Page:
KitchensA Sputnik fixture draws eyes to the original 10-foot-high ceilings (newly adorned with cedar beams), while its open shape permits unobstructed views to the Dex Industries basketweave tile backsplash, a feature Steven likens to a bona fide art installation.

The homeowner’s go-to interior designer, Kerry Howard, added finishing touches, including a custom Ming Fret rug from Stark, a wooden bowl carved by a Dublin, Georgia, artist, and Robert Allen window valances.

“I love my herb garden,” Steven adds of the containers near the sink. “I didn’t expect to be picking fresh basil out of my windowsill to put in caprese salads.”

Get the look
Make Contemporary cozy with warm metals and natural finishes.

KitchensBliss Studio nailhead linen barstool, $820,

KitchensDial Light in natural brass, by Atlanta-based Grey, price upon request,

KitchensInterceramic Architexture Bella marble tiles, price upon request, Strathmore Floors, 50 East Great Southwest Parkway, 404-872-0024,,

KitchensAquaovo Ovobar water purifier, $620,

Residential designer: Brian Patterson, Brian Patterson Designs Inc., 404-486-7000. Designer: Kerry Howard, 678-705-7580. Antique bottles on kitchen counter: Huff Harrington. Dakota square knobs and wire pulls, chestnut finish: Restoration Hardware. All appliances and plumbing: Ferguson Enterprises. 62820LF wall-mounted Euro pot filler, chrome finish: Brizo. MIRUC3321ZA single-basin apron-front specialty kitchen sink, brushed stainless steel finish: Mirabelle. MIRXCPS100CP Presidio pull-out spray kitchen faucet, polished chrome: Mirabelle. Sputnik filament chandelier 40-inch, aged steel finish: Restoration Hardware. Vintage barn sconces over window, weathered rust finish with warm white enamel: Restoration Hardware. General contractor: Bob Fitzgerald, Fitzgerald Construction. Custom cabinetry: Allen Swafford, Swafford Cabinets Inc. Herb garden: Cultivators Design & Landscape.


Photograph by Jeff Herr
Today’s dramatic range hoods can provide a focal point, just as a hearth once did for a country kitchen.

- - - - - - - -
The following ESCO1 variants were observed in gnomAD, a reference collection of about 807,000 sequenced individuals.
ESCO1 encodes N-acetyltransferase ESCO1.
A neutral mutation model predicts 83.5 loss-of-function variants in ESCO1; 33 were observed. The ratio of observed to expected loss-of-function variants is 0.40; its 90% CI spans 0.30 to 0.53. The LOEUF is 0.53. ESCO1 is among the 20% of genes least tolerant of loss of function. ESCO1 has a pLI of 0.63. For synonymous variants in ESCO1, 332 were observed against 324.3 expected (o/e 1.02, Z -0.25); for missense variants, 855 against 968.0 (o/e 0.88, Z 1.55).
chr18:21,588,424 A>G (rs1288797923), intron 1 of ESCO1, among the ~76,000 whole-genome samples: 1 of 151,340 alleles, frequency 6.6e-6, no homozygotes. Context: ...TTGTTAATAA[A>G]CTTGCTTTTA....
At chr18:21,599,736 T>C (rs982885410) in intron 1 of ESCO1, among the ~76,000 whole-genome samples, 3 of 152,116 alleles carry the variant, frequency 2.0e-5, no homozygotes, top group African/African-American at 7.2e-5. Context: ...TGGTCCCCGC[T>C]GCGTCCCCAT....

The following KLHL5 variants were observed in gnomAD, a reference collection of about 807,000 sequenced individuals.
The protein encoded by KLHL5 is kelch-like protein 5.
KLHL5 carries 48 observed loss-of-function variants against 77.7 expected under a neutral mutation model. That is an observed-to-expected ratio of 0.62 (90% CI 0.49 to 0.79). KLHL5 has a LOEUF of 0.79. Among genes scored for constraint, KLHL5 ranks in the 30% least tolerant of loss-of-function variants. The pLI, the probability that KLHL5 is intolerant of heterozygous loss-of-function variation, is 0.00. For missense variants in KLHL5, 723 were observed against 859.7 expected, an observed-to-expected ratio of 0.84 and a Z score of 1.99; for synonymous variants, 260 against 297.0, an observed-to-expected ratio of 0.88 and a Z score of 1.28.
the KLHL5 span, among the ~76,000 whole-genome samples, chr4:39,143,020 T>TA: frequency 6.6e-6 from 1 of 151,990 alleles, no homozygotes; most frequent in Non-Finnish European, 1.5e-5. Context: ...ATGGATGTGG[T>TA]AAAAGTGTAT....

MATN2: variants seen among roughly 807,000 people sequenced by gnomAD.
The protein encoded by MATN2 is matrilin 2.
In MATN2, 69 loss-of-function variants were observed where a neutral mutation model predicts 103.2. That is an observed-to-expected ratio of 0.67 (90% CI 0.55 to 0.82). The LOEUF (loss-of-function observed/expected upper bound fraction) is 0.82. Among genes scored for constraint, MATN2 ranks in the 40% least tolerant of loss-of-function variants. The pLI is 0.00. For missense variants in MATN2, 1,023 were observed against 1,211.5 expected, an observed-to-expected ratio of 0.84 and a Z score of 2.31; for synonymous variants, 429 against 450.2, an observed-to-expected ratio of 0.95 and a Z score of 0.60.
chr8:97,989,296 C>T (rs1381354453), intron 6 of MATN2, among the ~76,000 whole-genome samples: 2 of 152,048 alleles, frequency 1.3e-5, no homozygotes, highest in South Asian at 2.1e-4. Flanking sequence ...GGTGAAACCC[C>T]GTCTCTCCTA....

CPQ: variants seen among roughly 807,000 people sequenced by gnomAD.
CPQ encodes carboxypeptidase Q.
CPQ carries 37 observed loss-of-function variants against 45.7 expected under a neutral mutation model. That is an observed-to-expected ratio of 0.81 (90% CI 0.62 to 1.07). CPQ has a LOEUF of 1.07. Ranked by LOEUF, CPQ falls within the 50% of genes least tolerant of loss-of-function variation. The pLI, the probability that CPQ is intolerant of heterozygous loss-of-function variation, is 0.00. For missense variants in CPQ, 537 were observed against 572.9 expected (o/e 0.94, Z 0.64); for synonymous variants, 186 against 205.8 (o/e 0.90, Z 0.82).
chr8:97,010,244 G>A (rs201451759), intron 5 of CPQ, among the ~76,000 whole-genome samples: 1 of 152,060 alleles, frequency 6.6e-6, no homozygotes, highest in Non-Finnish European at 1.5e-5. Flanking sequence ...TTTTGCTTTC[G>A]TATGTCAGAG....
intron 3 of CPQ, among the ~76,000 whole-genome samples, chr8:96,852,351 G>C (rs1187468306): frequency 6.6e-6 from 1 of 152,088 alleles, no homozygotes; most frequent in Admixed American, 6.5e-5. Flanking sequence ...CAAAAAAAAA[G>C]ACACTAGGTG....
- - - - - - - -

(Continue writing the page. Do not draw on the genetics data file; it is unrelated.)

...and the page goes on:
Sophisticated farmhouse

Newnan residents Marie and Steve Swope had been fans of designer Cindy Shealey’s work for years, but they waited until they were fully fed up with their ill-functioning, unsightly red kitchen before they sent her an SOS to revive their 1830s farmhouse.

Since the home is historic, authenticity was a top priority. The Swopes were adamant about keeping the original footprint intact. Cindy and design partner Stuart Aldrich stayed the course, leaving the existing fireplace, windows, and doors in place while adding all the amenities these cooks and entertainers could ask for.

“Two hundred years ago, everything in a farmhouse had a purpose: sinks large enough to wash huge pots, countertops rugged enough to chop all your vegetables,” Cindy explains. “Most importantly, a farmhouse kitchen had to function.”

The lower corner cabinet houses a double-decker lazy Susan for easy access to four sets of dishes.

Beyond the obvious rural touches of an apron-front sink, expansive leathered granite countertops, and an absence of tile (only board-and-batten!), Cindy installed a double-decker lazy Susan low enough to allow easy access to four sets of everyday dishes. Bonus features include built-in spice and utensil racks beside the induction cooktop (set flush atop a handsome furniture-like piece), a steam oven, a warming drawer, clever veggie storage baskets (ideal for these avid gardeners), a charging drawer for gadgets, and a pantry large enough to accommodate more than a week’s worth of groceries. “Marie can open it and immediately see what she has and what she needs,” Cindy says.

Locally made cabinetry features “X” details, a hallmark of historic barns, while balancing light and dark, shiny and matte, painted and stained finishes. The room’s original heart pine ceiling received a fresh coat of black. “We wanted those visual breaks, not just a sea of cabinetry,” Cindy explains. On-trend mixed metals—the copper-clad vent hood, the antique brass pendants, and stainless steel appliances and hardware—render the room more glamorous than old guard. Call it farm chic.